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Setsubun Festivals in Tokyo

January 5, 2018

So you survived O-shogatsu (Japanese New Year’s) and are looking forward to the end of March and the blooming of the cherry trees, but the reality is there are at least 80 more days to go before a single pink blossom appears. While it will not bring the blossoms any closer, did you know that in Japan, spring actually starts on February 3rd?

In Japan, Setsubun is traditionally the day before the beginning of spring. The name literally means “seasonal division,” but it usually refers to the division between winter and spring, properly called Risshun and celebrated yearly on February 3 as part of the Spring Festival (Haru Matsuri). In its association with the lunar new year, Setsubun can be (and was previously thought of as) a sort of New Year’s Eve, and so was accompanied by a special ritual to cleanse away all the evil of the former year and drive away disease-bringing evil spirits for the year to come. This special ritual is called mamemaki or literally “bean throwing.”

The custom of mamemaki is still performed at shrines and temples all over Japan (and if you have kids, you’ll also notice them raving about throwing beans at their classmates soon as elementary schools do it too!) Roasted soybeans (called “fortune beans”) are thrown either out the door or at a member of the family wearing an oni (demon or ogre) mask, while the people recite “Oni wa soto! Fuku wa uchi!” (Demons out! Fortune in!) and slam the door. The beans are thought to symbolically purify the home by driving away the evil spirits that bring misfortune and bad health with them.

setsubun-eho-maki-sushi

Then, as part of bringing luck in, it is customary to eat roasted soybeans, one for each year of one’s life, and in some areas, one for each year of one’s life plus one more for bringing good luck for the year to come. You’ll also start noticing the area convenience and grocery stores will be selling a long uncut makizushi roll called eho-maki (lit. “lucky direction roll”). It’s to be eaten in silence on Setsubun while facing the yearly lucky compass direction, determined by the zodiac symbol of that year.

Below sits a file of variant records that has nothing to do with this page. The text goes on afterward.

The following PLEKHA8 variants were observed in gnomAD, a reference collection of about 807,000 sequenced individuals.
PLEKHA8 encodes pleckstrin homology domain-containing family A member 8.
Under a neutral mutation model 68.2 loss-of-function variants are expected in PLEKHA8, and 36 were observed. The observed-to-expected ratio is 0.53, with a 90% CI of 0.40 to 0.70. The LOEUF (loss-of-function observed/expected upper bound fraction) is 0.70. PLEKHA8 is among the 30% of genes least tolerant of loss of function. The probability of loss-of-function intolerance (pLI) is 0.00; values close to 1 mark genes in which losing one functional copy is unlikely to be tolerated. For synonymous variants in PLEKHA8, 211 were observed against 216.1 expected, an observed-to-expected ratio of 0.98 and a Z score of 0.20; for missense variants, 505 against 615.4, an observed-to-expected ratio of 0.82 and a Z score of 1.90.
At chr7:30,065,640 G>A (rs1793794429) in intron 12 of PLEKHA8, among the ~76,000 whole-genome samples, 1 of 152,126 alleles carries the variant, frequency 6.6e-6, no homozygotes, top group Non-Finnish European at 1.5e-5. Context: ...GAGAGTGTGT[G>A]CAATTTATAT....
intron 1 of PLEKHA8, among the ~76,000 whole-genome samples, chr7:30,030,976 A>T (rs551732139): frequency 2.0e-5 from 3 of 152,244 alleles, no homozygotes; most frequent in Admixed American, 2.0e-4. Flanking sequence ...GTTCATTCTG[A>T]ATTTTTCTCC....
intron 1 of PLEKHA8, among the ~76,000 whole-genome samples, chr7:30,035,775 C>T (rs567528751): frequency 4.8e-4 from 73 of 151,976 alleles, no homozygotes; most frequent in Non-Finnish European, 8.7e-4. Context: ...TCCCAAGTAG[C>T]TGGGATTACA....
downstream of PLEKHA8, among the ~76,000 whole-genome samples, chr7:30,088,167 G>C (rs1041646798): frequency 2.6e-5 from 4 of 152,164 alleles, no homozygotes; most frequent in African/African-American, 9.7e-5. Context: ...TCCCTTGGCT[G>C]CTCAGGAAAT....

Here are some of the more popular places to take part in the Setsubun festivities in the Tokyo area. If you live near a shrine, then you might want to check with the officials there to see if they’ll have one. It’s a good chance to talk to your neighbors and possibly be pelted with beans by their kids… Just be gentle with the little demons and ogres!

Senso-ji Temple Setsubun Festival

Perhaps the oldest organized Setsubun festival happens at Tokyo’s most famous temple and tourist destination.  Senso-ji is Tokyo’s oldest temple, it is known as the temple of the Asakusa Kannon and draws millions of visitors every year.  The setsubun festival is well known for having celebrities throwing the beans around; be sure to come early, because there’s always a crowd.

Transportation:

  • Asakusa Station (Tobu ISKYTREE,  Tokyo Metro Ginza, Tsukuba Express, Toei Subway Asakusa Lines)

Tokyo Tower, Shiba Koen Setsubun Festival

That’s right, the actual tower observation deck and not Zozoji Temple next door.  That temple’s priests are joined by the tower’s cone-headed mascots to toss the beans around… When they’re done, you can buy some eho-maki from a stall on the same floor. This festival has taken place on the 333 meter tower since it was built in 1958 at the 150 meter observation platform.

Transportation:

  • Kamiyacho Station (Hibiya line)
  • Onarimon Station (Mita line)
  • Akebanebashi Station (Oedo line)

Kanda Myojin Shrine Setsubun Festival

This shrine near the Akihabara area always has a big mixture of Japanese tradional and pop culture in its Setsubun ceremonies. The temple site is over 1200 years old, so you will have the formal ancient processions, but since Akiba is around the corner, don’t be surprised to see a member of AKB48 or someone in a Gundam costume tossing beans at you as well.

Transportation:

  • Ochanomizu station (JR Chuo/Sobu lines)
  • Suehirocho station (Hibiya line)

–By Jason L Gatewood

Image “Setsubun,bean and mask of ogre” katorisi (Own work) [GFDL or CC BY-SA 3.0], via Wikimedia Commons (modified)

Image “Eho-maki” by Zenjiro (Flickr) [CC BY 2.0], via Wikimedia Commons (modified)

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